On 26 July 1969, millions watched their TV screens with bated breath as one man placed his foot on the moon for the first time.
Today you can touch a moon rock, walk under the largest rocket ever launched, tweet to an astronaut and even sign up to live on Mars. Space is closer than ever before, and nowhere is that more obvious than the Kennedy Space Center in Florida, USA.
The most heartening part about visiting the Center is that you can get as involved as you like. Just want to try the simulations and live your space-movie dreams? You can do that. Want to take a look at only the rocket garden and launch pads? That’s available too. Interested in trying freeze-dried ice-cream (a vacuum-dried “space treat” that sounds better than it tastes) with a side of astronaut epiphanies? Of course!
The place itself feels like a science-fiction film set. Touch-screen exhibits stand alongside space-age simulators. Astronaut memorabilia and IMAX movies celebrate American space exploration.
And floating mid-air, in the centre of it all, is the space shuttle Atlantis, flaunting every scar from her 126 million miles of space travel. It’s the venue for our shuttle-launch simulation. Buckle up!
Naively, I expect this might be something like the Incredible Hulk Roller Coaster at Universal Studios in Orlando nearby; but it’s soon clear that this is no joyride. Astronauts swear this is as close as it gets to the real thing. The engines throb, the boosters rumble as we gear up for a simulated 17,500-mph space launch. The ‘windows’ show us taking off, ascending the heavens until home is but a blue-green planet below.
Back on Earth, lunching with an astronaut (a popular part of any visit here) has our jaw dropping as low as it will go. As she talks about her training for her mission (emergency drills, being quarantined from her own children), it’s clear that only single-minded grit is allowed on this road less travelled.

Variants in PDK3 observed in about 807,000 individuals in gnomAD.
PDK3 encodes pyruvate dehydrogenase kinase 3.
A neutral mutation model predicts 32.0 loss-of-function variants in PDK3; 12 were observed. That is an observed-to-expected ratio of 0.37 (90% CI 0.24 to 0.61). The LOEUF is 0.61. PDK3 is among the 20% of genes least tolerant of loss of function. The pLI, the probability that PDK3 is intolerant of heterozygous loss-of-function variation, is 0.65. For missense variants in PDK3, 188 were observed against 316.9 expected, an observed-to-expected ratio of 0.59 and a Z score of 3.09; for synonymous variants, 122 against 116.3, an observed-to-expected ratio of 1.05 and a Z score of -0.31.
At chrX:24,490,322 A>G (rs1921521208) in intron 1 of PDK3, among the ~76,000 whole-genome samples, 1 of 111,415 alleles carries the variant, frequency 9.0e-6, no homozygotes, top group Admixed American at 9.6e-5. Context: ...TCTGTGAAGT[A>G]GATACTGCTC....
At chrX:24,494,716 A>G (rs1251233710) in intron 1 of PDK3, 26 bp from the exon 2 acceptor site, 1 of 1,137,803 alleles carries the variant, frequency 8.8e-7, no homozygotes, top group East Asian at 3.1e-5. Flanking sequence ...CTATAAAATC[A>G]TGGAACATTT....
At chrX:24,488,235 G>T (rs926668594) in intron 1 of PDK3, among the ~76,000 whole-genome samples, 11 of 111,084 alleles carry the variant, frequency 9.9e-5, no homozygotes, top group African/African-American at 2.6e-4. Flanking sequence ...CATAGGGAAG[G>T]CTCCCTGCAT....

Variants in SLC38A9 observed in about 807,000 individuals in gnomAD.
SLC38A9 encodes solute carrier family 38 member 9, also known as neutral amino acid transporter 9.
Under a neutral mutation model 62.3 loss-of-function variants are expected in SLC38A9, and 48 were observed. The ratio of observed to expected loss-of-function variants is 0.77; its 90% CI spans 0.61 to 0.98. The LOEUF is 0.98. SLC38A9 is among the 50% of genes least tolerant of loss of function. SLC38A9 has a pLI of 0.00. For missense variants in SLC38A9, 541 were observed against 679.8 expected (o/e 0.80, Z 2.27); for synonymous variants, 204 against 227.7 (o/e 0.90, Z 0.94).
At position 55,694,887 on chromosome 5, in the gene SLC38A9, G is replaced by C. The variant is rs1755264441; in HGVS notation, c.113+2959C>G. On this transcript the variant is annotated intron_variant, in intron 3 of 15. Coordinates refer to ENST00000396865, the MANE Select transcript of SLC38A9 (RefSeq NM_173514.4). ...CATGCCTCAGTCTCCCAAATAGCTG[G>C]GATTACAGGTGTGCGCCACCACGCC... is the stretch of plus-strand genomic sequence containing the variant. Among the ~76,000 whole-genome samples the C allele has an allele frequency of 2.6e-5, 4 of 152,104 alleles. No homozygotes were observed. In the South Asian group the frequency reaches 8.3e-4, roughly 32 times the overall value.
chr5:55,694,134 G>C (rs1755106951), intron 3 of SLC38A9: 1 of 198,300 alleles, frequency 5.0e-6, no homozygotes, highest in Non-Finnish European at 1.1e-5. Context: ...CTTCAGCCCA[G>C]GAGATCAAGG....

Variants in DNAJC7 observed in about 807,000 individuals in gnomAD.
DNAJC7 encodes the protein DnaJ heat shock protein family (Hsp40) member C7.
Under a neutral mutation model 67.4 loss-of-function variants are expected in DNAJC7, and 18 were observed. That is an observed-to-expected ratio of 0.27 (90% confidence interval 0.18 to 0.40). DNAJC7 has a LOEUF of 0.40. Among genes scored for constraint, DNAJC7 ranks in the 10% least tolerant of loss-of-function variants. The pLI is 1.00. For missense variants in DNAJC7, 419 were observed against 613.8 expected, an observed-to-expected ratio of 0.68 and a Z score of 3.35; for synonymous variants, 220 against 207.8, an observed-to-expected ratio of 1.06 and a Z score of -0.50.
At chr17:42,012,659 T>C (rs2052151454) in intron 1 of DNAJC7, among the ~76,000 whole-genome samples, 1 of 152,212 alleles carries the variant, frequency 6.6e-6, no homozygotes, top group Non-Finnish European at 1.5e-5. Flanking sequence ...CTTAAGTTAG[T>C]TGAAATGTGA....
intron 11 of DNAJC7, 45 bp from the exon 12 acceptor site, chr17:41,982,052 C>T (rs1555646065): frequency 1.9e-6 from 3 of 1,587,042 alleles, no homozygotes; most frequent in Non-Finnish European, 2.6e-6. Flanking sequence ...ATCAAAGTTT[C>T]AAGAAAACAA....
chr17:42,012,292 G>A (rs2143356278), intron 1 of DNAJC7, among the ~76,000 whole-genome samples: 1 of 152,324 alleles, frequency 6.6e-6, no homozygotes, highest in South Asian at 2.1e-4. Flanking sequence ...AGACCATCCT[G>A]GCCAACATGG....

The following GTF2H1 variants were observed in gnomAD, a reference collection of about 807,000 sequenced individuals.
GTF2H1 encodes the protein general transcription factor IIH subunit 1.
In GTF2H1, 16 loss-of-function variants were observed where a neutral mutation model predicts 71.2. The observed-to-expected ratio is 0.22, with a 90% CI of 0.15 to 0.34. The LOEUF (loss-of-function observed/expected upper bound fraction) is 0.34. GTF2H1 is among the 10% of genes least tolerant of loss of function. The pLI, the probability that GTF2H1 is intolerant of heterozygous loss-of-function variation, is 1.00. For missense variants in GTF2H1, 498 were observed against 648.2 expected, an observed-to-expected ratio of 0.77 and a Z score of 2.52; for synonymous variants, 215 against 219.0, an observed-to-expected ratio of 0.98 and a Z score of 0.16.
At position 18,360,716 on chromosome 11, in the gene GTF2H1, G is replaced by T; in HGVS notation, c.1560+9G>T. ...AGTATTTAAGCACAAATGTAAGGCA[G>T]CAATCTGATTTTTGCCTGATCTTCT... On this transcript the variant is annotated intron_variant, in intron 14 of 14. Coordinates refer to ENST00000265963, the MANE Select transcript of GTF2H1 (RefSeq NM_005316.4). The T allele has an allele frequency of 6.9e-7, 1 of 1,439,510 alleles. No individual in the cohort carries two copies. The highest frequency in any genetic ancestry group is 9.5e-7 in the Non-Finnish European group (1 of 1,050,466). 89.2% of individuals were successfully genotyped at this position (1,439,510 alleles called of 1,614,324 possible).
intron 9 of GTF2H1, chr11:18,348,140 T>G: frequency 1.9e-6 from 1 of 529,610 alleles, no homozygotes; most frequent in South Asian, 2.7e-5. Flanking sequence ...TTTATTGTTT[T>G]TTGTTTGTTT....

UP, UP AND AWAY!
Once in space, however, the rules of life as you know them are clearly suspended. “The first thing you notice when in orbit is how you float,” she says. “You can tell that I’m in space by the lovely hairdo.” Her hair, in the image she proffers, has blown into a giant pouf. That’s the sense of humour essential to lubricate any challenging journey.
“Weightlessness can be as fun as you make it,” says the astronaut. “Initially, when we orbited the earth, my legs and arms were all over the place; but gradually I got used it. There’s no need for shoes because you can’t walk anywhere. You can reach the ceiling by floating. Your sleep station is not much larger than you and you’re floating while you sleep. Space is at a premium in space.”
Zero gravity means nothing’s done quite the way it is back home. Food is fastened down with Velcro so it doesn’t float away. You spit your toothpaste into paper when brushing your teeth. Washing your hair is more challenging. (Imagine shampoo suds floating away!) You quickly become grateful, not just for all that you have on Earth, but also for all you have on board, where everything is priceless – even dehydrated food.
There are, of course, perks. One of the astronaut’s jobs was documenting Earth. They’d circle the planet in 90 minutes, at 17,000 miles per hour, giving them 45 minutes each of day and night. All aboard would see a sunset or sunrise every 45 minutes, even though they’d just last nine seconds.
LONG RIDE AHEAD
Many who visit the Space Center time it to catch a real shuttle launch. Still others enroll for workshops and programmes that deepen your insights and potentially determine if you’re cut out for time in the heavens.
But no matter your reason to visit, you’ll be drawn in. For the Kennedy Space Center has the most successful of all things. It has a story. All the trappings of a fairy tale: challenges, obstacles, a literal suspension of reality and above all, the idea that space travel is a triumph of imagination and will.
From HT Brunch, September 27
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